A new vaccine for shingles
I’m scheduled for an annual exam later this month. As I was perusing the long list of preventive health recommendations for adults, I noticed the shingles vaccine is being recommended for anyone age 50 or older.
I posted about the shingles vaccine a few years ago, and at that time it wasn’t considered worthwhile before 60. What changed?
Well, a new vaccine—Shingrix—appears to be superior to the old one.
Shingrix was approved by the FDA in late 2017, and the Centers for Disease Control (CDC) updated its vaccination recommendation in 2018.
While the old vaccine, Zostavax, is still available, the CDC and the Advisory Committee on Immunization Practices (ACIP) both recommend the new vaccine, Shingrix.
Why is Shingrix better?
Zostavax came to market in 2006 and was the first shingles vaccine, so it was certainly better than no vaccine at all. It wasn’t recommended for adults under 60 because it didn’t provide long-term protection. That is, if you received Zostavax as a 50 year old, you may not be immune by age 70.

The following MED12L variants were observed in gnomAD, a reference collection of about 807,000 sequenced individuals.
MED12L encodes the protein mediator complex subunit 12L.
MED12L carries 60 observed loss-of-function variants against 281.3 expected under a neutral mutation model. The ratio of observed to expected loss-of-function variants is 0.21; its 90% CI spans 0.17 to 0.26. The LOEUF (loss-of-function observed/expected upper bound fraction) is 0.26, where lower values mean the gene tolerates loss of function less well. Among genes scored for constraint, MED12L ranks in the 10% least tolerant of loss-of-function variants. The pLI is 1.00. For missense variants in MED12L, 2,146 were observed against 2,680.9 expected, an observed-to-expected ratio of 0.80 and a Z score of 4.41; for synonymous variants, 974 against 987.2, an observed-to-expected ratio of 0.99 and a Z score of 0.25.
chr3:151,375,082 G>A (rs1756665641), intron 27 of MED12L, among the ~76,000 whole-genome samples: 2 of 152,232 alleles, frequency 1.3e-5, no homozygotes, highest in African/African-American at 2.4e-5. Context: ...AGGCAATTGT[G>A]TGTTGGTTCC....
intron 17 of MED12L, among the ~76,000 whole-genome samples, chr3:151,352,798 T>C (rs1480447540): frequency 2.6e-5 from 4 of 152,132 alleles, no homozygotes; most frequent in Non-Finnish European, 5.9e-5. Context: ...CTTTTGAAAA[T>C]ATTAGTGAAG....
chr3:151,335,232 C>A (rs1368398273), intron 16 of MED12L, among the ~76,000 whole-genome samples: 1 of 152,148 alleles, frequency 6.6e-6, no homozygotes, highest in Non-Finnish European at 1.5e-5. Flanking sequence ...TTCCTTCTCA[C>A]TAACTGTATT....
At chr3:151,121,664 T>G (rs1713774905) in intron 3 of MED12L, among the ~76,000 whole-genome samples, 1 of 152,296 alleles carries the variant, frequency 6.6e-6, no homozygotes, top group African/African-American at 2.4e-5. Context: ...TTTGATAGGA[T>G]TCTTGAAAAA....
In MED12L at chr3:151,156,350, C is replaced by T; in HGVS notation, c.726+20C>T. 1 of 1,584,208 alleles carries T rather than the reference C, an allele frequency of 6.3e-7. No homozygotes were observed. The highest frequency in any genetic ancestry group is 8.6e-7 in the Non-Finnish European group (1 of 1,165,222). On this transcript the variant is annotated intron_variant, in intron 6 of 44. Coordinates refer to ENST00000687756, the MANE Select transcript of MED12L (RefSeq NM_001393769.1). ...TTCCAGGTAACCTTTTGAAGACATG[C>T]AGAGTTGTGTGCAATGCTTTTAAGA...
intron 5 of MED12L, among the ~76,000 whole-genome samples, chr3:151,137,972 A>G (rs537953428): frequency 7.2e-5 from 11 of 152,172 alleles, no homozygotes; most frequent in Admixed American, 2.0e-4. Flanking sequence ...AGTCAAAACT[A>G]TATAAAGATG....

Shingrix, on the other hand, is a stronger vaccine. Researchers are confident that it will provide a better, longer protection against shingles. That’s why the recommended age has been lowered to 50.
Why should adults get the shingles vaccine?
Although I’ve never had it, I’ve seen so many patients (and a few family members) really suffer with shingles. It’s painful! Worst case it affects the eyes, mouth and ears, and makes life miserable. It can also lead to a debilitating nerve condition called postherpetic neuralgia (PHN).
Anyone who has had the chickenpox (varicella) or the chickenpox vaccine is at risk of developing shingles (zoster)—and that’s most adults.
The risk goes up as you age.
By the way, it’s weird but chickenpox and shingles are caused by the same herpes zoster virus, but when it’s chickenpox it’s called varicella, and when it’s shingles it’s called zoster. Don’t ask me why. Very confusing, though!
You may be interested: Adults need vaccinations, too!
I certainly plan on getting vaccinated.
Shingrix is given in 2 doses, the second one 2-6 months after the first.
Because the CDC and ACIP both recommend the vaccine at age 50, ACA-compliant health plans and Medicare part D should cover the cost in full. Always check with your insurance company first, however.